Not in Maine. Please, not in Maine.
We Mainers are, if anything, great cheerleaders for the underdog. We root for the one who comes from behind, who defies all odds to achieve, to survive, to triumph.
There may be many reasons why this is so, but I think the biggest reason is that we know firsthand what it is like to struggle and fight for what we have. We encounter negativity, even derision, because of our roots, our economic status or where we live.
“I’m not driving all the way up there for five hours with nothing but trees to see. You can come down here.”
“French Acadian? You don’t even speak the right French.”
“You’ve got to get out of that backward place to make something of yourself.”
“Do you people even have schools up there?”
Years ago our small media club hosted some out-of-state visitors from a large city. I collected them from the airport, bound for our meeting, and one of them asked me — no kidding — if we had any form of higher education “up here.” We drove past what is now Northern Maine Community College, which I pointed out with pride. To say those uber-urban visitors were far from impressed would be an understatement.
But we are Maine. We are tolerant of everyone because we have been there. We are welcoming and understanding.
Or are we? I heard something the other day that made my heart hurt.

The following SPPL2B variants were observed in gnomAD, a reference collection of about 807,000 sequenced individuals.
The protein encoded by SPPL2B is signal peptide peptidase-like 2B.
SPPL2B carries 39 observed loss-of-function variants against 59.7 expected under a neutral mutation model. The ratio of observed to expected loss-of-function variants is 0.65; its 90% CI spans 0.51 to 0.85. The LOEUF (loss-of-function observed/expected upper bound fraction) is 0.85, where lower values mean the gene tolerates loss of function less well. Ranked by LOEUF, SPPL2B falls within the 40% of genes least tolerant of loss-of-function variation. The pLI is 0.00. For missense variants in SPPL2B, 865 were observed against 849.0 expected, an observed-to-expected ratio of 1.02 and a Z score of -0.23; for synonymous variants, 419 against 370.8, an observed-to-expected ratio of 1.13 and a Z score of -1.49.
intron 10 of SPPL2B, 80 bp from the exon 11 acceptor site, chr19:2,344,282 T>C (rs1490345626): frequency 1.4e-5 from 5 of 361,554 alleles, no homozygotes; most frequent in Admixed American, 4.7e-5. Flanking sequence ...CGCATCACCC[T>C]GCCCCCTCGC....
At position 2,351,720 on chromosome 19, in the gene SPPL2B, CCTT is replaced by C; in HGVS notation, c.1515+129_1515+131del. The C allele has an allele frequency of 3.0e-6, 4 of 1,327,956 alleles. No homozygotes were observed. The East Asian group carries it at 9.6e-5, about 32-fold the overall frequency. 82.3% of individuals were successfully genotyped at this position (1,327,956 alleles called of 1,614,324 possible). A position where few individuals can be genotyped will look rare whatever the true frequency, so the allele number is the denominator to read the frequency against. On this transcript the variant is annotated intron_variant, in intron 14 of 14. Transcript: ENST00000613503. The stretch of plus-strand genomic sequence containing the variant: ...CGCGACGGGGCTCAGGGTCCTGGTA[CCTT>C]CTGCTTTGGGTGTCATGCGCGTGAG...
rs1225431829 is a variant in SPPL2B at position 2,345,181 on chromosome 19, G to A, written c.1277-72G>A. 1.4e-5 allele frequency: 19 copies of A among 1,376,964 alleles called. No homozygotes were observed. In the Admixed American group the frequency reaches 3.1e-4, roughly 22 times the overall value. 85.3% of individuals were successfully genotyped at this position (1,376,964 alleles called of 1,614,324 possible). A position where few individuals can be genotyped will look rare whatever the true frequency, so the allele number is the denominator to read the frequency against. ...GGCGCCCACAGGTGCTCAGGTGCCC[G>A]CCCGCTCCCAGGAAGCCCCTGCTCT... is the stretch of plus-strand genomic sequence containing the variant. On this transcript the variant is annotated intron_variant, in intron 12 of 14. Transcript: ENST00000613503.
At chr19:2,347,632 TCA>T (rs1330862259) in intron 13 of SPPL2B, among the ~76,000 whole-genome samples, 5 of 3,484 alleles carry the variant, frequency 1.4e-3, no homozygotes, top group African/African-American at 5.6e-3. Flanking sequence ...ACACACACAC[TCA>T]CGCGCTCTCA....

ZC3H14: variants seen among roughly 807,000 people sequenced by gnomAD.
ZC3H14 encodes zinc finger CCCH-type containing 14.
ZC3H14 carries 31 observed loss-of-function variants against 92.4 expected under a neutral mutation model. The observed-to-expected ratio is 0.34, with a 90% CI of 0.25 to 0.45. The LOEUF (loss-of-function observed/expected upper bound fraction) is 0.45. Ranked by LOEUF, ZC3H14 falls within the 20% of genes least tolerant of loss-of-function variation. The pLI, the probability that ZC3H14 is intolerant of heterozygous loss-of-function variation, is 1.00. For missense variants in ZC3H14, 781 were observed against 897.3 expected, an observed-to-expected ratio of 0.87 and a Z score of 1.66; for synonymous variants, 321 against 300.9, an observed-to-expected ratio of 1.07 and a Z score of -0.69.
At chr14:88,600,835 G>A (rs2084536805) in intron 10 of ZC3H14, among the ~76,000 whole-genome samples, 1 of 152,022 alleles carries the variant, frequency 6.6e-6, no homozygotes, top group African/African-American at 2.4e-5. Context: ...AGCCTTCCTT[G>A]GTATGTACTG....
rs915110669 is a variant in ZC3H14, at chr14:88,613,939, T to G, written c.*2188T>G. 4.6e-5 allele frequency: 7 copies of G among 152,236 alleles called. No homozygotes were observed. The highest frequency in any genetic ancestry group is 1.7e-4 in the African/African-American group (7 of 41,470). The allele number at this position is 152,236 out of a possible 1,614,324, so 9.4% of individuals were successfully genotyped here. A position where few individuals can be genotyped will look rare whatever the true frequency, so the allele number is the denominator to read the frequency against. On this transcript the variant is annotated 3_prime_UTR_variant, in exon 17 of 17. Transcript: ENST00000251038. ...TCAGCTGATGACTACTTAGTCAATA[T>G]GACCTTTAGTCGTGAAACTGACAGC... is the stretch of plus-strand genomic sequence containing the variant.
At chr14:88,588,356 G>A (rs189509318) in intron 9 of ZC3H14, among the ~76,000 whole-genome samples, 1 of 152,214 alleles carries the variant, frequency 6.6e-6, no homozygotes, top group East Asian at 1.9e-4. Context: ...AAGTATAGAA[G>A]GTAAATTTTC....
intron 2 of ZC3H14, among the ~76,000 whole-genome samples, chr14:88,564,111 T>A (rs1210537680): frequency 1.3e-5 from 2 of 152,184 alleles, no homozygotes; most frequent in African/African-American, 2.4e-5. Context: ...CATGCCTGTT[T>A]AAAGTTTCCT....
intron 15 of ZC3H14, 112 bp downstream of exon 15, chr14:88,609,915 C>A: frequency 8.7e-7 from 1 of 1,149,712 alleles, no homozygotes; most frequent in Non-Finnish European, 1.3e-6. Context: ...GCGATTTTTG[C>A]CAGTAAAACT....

Surely not in Maine.
I was talking to someone who lives downstate and who happens to be “from away.” They are leaving the state soon — not because they dislike it here, and not because of a lack of career opportunities. They love their home, their work and their coworkers. They sadly made this decision because a few people made them feel unwelcome in this state due to their ethnic background. They became disheartened for their children in this state.
Please, not in Maine.
I didn’t ask what those experiences were. It didn’t matter. What mattered was that Maine failed them. This makes me indescribably sad.
I know I’m not alone in believing Maine is “the way life should be.” Collectively, we are the underdog. We fight for acknowledgement on the national stage. We know poor. We are generations strong. We are refugees. We are loyal. We are workers for a better life.
From the slower pace and rugged outdoors to the diverse cultures we represent, we have a huge capacity to welcome all who come here.
At a time marked by hateful political division and societal intolerance, we need to remember we are humans first.
That means treating people we encounter like the fellow humans they are.
And when prejudice flares in front of us, it means remembering that we are better than that. It means squaring our shoulders and declaring unequivocally, “No. Not in Maine.”
Paula Brewer is assistant editor for The Star-Herald, Aroostook Republican, Houlton Pioneer Times, St. John Valley Times, Penobscot Times/Weekly and Piscataquis Observer, plus websites TheCounty.ME, FiddleheadFocus.com, thepenobscottimes.com and observerme.com. She can be reached at 207-764-4471 or via email at firstname.lastname@example.org.